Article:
You may already know that food and beverage processing creates complex liquids that require specialized steps for filtration. Typically, the first step is removing larger particles and sediment. Whether the beverage is raw juice, fermented wine, beer or even spring water, it carries sediment and particulates that must be removed in order to create products that are both flavorful and safe for consumption.
Nearly all clarification filtration applications are performed using depth filtration media. Cartridge filters, for example, use two forms of depth media. The standard depth filter is a self-supporting tube made with a polymer (usually polypropylene), and the tube is formed using the melt-blown or nano-spun process. The other form of cartridge depth filter uses pleated flat sheet media. These are typically made with polypropylene or fiberglass.
It’s not uncommon for custom filtration systems to be designed for new applications and to solve challenges in a manufacturer’s existing process(es). As one of the leading Donaldson filter distributors in VA, we will work with you to design, build and install a system that is cost-effective and meets your needs for excellent beverage filtration. Contact us or visit our page on industrial process filters or Donaldson’s new Lifetec® process filters for more information.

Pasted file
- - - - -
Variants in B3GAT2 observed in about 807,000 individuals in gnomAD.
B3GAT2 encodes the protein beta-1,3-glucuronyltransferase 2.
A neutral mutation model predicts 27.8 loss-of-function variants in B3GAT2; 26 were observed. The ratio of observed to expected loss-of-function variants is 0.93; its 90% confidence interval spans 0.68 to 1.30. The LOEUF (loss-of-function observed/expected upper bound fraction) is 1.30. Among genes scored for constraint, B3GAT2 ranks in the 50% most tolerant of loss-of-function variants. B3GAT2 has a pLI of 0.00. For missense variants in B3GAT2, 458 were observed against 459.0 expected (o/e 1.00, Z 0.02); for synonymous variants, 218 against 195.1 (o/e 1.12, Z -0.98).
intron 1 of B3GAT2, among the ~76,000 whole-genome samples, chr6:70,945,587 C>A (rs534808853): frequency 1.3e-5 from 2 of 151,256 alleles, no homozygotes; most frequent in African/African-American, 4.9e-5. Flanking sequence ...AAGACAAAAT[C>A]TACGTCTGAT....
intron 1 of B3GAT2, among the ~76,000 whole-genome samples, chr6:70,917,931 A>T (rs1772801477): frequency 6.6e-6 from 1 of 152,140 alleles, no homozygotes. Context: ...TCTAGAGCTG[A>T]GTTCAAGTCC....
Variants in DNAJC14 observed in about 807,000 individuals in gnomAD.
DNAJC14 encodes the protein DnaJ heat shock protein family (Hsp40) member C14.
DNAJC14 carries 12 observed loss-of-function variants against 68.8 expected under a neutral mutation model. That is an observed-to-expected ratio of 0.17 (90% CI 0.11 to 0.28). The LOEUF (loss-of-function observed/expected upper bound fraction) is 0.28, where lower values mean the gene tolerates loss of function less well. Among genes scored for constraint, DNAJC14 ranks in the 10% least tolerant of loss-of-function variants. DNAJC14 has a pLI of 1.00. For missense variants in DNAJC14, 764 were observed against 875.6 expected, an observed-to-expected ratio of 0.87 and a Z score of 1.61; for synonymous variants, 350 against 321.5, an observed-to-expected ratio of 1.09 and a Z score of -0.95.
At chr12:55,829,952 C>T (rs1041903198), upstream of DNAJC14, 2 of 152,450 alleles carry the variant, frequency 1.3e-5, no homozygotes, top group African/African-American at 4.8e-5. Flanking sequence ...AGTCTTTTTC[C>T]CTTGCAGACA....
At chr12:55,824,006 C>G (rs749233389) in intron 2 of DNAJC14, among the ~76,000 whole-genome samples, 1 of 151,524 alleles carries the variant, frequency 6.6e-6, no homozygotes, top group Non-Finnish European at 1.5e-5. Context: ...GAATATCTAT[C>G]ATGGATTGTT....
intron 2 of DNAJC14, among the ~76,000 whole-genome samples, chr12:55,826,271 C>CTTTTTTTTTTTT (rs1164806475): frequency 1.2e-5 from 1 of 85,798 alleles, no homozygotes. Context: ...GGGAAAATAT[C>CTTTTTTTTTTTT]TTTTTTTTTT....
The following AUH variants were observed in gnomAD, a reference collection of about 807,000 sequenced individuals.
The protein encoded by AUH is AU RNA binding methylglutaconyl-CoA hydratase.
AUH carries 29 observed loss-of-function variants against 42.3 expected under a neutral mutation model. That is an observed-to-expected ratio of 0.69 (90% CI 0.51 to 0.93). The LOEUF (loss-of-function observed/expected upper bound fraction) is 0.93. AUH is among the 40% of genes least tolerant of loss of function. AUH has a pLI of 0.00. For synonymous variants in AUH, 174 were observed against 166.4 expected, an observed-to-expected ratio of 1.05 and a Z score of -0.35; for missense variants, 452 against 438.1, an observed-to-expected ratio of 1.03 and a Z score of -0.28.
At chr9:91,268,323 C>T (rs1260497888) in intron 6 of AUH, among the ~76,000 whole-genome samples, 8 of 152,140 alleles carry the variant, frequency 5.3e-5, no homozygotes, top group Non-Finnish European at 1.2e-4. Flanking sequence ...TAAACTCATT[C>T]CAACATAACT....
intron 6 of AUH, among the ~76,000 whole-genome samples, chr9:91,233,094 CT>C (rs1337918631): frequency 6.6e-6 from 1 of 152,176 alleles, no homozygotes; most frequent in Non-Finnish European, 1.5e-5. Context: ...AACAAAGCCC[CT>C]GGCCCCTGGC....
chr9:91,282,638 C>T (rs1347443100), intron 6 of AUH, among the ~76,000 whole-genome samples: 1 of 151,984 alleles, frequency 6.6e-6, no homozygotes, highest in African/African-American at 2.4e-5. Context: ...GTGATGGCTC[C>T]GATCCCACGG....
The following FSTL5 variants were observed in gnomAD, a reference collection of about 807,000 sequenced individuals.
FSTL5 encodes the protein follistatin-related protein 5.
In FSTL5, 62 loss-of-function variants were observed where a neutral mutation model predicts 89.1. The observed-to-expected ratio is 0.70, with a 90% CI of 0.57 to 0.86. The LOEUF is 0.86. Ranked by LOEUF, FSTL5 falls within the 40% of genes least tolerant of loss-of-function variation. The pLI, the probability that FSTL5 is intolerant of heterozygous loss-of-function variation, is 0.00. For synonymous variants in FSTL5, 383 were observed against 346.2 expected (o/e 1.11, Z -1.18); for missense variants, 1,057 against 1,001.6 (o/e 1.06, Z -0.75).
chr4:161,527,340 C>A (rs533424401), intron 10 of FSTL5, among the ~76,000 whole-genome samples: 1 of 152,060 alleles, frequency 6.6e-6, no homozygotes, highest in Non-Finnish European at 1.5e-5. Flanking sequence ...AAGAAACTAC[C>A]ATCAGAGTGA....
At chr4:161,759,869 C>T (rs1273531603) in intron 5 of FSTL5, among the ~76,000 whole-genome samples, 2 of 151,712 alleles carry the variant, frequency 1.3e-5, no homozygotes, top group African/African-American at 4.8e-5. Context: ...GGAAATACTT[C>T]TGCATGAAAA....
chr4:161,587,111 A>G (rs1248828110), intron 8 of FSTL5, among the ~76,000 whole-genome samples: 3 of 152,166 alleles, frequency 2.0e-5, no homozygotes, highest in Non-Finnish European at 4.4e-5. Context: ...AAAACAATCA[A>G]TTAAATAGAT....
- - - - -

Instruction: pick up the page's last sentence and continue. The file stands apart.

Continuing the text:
The terms “oil interceptor” and “oil water separator” are often used interchangeably. However, these units are very different.
Oil interceptors are designed for use in drain lines where oils, sediment and other liquids are intercepted. They are usually steel, fiberglass or poly boxes, and include a baffle plate (designed to restrain the flow of a fluid), a solids bucket, and a separation area. As the water enters the interceptor, the baffle plate then diffuses the flow, which reduces the turbulence of the incoming water. Depending on the flow of the water, some debris and sludge are stopped by the baffle plate and collected in the solids bucket.
A low flow rate and low turbulence allows the oils to rise to the surface of the water through the interceptor, thus producing water that is relatively oil-free for discharge.
Oil Water Separators
Oil water separators are used in applications where there is a potential for a higher volume of water and oil (industrial wash operations, military installations, etc.), as they have a much more sophisticated design. An oil water separator is a tank containing an inlet compartment, baffles system, sludge chamber, separation chamber, and clean water outlet chamber. When water enters the inlet compartment, the oil separation process begins and solids drop out. The water passes through coalescing media, removing essentially all free and dispersed emulsified oils to an effluent concentration of less than 5 ppm.
Due to this design, oil water separators in North Carolina are associated with enhanced efficiency. In comparison to oil interceptors, significantly smaller units are needed for higher volume applications.